22 September 2015

Turkiye Day 5 - Ephesus Archaeological Park, Selcuk

Assalamualaikum. Marhaba.

Ok fine! Laaaama gila tinggal blog ni. Kunun janji mau wrap up cerita Turkiye as soon as possible but I got tangled with some businesses I ended up abandoning most of the things I used to love doing. Gitu ayat ndak menahan! Sebabkan lama aku paused cerita Ephesus ni, makanya makin banyaklah cerita di hari kejadian yang sudah evaporate from my tiny memory box.

Previous Entry (here).

8 April 2015
Selcuk, Izmir

Once standing upon the Curates Street...haruslah aku fokus tumpuan to search for the Brothel. Ngeks kan perangai. Curiosity killed the cat katanya! Ntah apa yang di-investigate sangat.

Kunun Brothel tu dapat dijejak based on the founding of Priapus statue with an oversize of phallus in the house. The Brother is just a peristyle house on the corner of the Curates Street. Didn't get to see the statue thought because it was presented in the museum. 
# Inside the Bath of Scholastica
# Please meet Scholastica (statue without head); a rich Christian lady whom built the Scholatisca Baths. 
This was thought to have been a three-storied building. But only the first floor survived. The other two collapsed. 

Climbed the stairs & I reached the Latrine; public toilets of the city. It was part of the Scholastic Baths. There was an entrance fee to use this toilet. Drainage system was under those 'seats'. Speaking of the importance of hygiene back then. Kira maju ok!
# This opened toilet was designed like this so people could still 'socialize' while doing their business. 
# Standing at the highest point of Scholastica Baths. 
# The Octagon; a monument to Ptolemy whom is the youngest sister of Cleopatra VII.
This is a vaulted burial chamber placed on a rectangular base with the skeleton of a 15 year old woman in a marble sarcophagus. Ptolemy was murdered in Ephesus in 41BC.

Next to The Octagon is the Temple of Hadrian. Said to be the best preserved & most exquisite structures on Curates Street. It was built to commemorate the visit of the Emperor Hadrian from Athens. The ornaments that are seen at the temple today are just copies; the originals are displayed in Ephesus Museum. In which I didn't get to visit due to time constraint. 
# Four columns at the facade supported the curved arch. And that relief at the center of the arch is Tyche; the goddess of victory. 
# Inside the temple, architectural ornaments depicting the story of the foundation of Ephesus can be seen. 
Just across the street from the temple is Ephesus Terrace House. Or also known as "the house of the riches". The houses was first built in the 1st Century BC. It was divided into six parcels each representing a residential unit. The rooms of each unit are grouped around a central colonnaded courtyard.  Heating system consisted of clay pipes beneath the floors & behind the walls which carried hot air throughout the house.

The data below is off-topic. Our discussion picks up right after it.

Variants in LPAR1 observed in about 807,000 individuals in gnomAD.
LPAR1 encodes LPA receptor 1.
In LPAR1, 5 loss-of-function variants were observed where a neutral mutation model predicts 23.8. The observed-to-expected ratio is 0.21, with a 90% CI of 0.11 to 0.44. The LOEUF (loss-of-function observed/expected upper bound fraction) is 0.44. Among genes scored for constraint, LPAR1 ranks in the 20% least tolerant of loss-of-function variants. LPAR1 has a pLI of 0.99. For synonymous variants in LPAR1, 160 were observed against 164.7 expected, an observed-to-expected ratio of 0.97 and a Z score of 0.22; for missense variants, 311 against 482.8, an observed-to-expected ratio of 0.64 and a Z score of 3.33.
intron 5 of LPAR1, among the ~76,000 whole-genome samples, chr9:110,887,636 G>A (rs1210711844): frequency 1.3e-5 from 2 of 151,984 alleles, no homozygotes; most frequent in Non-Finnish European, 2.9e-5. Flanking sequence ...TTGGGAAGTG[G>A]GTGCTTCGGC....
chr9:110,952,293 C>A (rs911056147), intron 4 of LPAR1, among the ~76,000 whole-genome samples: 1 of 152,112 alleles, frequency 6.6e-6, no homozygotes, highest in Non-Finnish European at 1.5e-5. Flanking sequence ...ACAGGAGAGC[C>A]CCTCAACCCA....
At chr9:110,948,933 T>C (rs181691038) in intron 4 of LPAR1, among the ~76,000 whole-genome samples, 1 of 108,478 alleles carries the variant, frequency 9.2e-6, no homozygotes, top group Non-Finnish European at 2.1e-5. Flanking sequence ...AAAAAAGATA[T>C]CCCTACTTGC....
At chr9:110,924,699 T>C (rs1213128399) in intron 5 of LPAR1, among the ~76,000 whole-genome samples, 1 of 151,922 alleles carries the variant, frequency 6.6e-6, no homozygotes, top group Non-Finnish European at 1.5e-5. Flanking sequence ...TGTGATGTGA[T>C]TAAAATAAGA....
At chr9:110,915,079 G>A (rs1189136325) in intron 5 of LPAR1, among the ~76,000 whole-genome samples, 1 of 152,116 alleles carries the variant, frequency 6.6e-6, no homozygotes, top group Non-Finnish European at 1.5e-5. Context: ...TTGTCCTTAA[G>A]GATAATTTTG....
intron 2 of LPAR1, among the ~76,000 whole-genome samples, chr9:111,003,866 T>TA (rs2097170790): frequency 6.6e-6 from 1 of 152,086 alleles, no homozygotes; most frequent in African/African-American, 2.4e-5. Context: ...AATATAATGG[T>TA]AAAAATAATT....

The building at the back (refer picture below) is where the excavation works of the terrace houses on the slope are currently underway. It started in 1960 & as to date; two houses have been restored. To visit the houses, I paid an extra TL 20. But I only entered after I finished touring the Ancient City. Hence stories about the two houses will be in the next entry. Insha Allah.
# What was left of the terrace house. The mosaic tiles on the paved sidewalk in front of the lower level of the terrace house remain intact; albeit slightly stained. A prove the owners must have the city elites. 
# The Curates Street
I continued walking along Curates Street. Reached the Fountain of Trojan before arriving at the Hercules Gate. And I immediately thought of the Trojan back in Malaysia. Sabun basuh baju! Ngeks! Anyhow, the fountain is one of the finest monuments here. It was constructed to honor the Emperor of Trajan. 
# Statue of Trajan (now what was left is just ruins of the statue) stood in the central niche of the facade looking over the pool. 
Right after the fountain is the Hercules Gate. It marks the end of Curates Street. The gate was actually brought from another place in the 4th Century. Today, only two side of the columns remain while the other parts haven't been found yet. Heracles Gate narrowed the access to the street in order to prevent vehicles from entering. Curates Street was meant for pedestrian only. 
# Called so because of the Hercules reliefs on it.
# As I arrived at the end of Curates Street, I turned back. 
Can't help but to do my favorite thing. "Imagining what life would have been in the past along this street". It must have been one super busy street. Everyone was wearing white cloths. The ladies wearing the lofty, deeply drilled with curls & braids hairstyle. Fuh, really lah Bie. Imagine komuniti yang lavish jak!

Gotta stop here. This is already too long an entry after being dormant for nearly a month. Gitu ayat poyo. As I said, I've been busy. Perasan sibuk; so to say. Will continue sharing my Turkiye's trip in the next entry. Aigoo didn't know I would scribble the Ephesus stories in more than 2 parts. 

Till we meet again. Have a nice day peeps! 

eryantierdabdulkarim

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